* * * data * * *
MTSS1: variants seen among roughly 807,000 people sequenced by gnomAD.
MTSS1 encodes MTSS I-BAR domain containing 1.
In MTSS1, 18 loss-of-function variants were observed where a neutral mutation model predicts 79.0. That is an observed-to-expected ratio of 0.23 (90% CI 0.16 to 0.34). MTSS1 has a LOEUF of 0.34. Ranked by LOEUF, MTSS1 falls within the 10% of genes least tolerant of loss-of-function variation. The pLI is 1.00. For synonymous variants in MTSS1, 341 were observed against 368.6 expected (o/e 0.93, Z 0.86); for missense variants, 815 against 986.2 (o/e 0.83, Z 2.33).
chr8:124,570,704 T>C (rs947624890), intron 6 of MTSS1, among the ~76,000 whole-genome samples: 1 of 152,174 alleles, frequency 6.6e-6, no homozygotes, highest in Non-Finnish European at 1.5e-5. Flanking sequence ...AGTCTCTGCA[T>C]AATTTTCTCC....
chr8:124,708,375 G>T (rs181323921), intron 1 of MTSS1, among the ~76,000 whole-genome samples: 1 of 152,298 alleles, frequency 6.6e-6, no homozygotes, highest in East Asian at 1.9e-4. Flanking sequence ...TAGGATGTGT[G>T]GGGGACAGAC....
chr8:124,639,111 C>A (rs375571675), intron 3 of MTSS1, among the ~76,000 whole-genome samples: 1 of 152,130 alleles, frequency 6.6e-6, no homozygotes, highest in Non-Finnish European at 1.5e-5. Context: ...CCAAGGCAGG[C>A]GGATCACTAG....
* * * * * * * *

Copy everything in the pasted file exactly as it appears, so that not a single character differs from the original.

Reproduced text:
MTSS1: variants seen among roughly 807,000 people sequenced by gnomAD.
MTSS1 encodes MTSS I-BAR domain containing 1.
In MTSS1, 18 loss-of-function variants were observed where a neutral mutation model predicts 79.0. That is an observed-to-expected ratio of 0.23 (90% CI 0.16 to 0.34). MTSS1 has a LOEUF of 0.34. Ranked by LOEUF, MTSS1 falls within the 10% of genes least tolerant of loss-of-function variation. The pLI is 1.00. For synonymous variants in MTSS1, 341 were observed against 368.6 expected (o/e 0.93, Z 0.86); for missense variants, 815 against 986.2 (o/e 0.83, Z 2.33).
chr8:124,570,704 T>C (rs947624890), intron 6 of MTSS1, among the ~76,000 whole-genome samples: 1 of 152,174 alleles, frequency 6.6e-6, no homozygotes, highest in Non-Finnish European at 1.5e-5. Flanking sequence ...AGTCTCTGCA[T>C]AATTTTCTCC....
chr8:124,708,375 G>T (rs181323921), intron 1 of MTSS1, among the ~76,000 whole-genome samples: 1 of 152,298 alleles, frequency 6.6e-6, no homozygotes, highest in East Asian at 1.9e-4. Flanking sequence ...TAGGATGTGT[G>T]GGGGACAGAC....
chr8:124,639,111 C>A (rs375571675), intron 3 of MTSS1, among the ~76,000 whole-genome samples: 1 of 152,130 alleles, frequency 6.6e-6, no homozygotes, highest in Non-Finnish European at 1.5e-5. Context: ...CCAAGGCAGG[C>A]GGATCACTAG....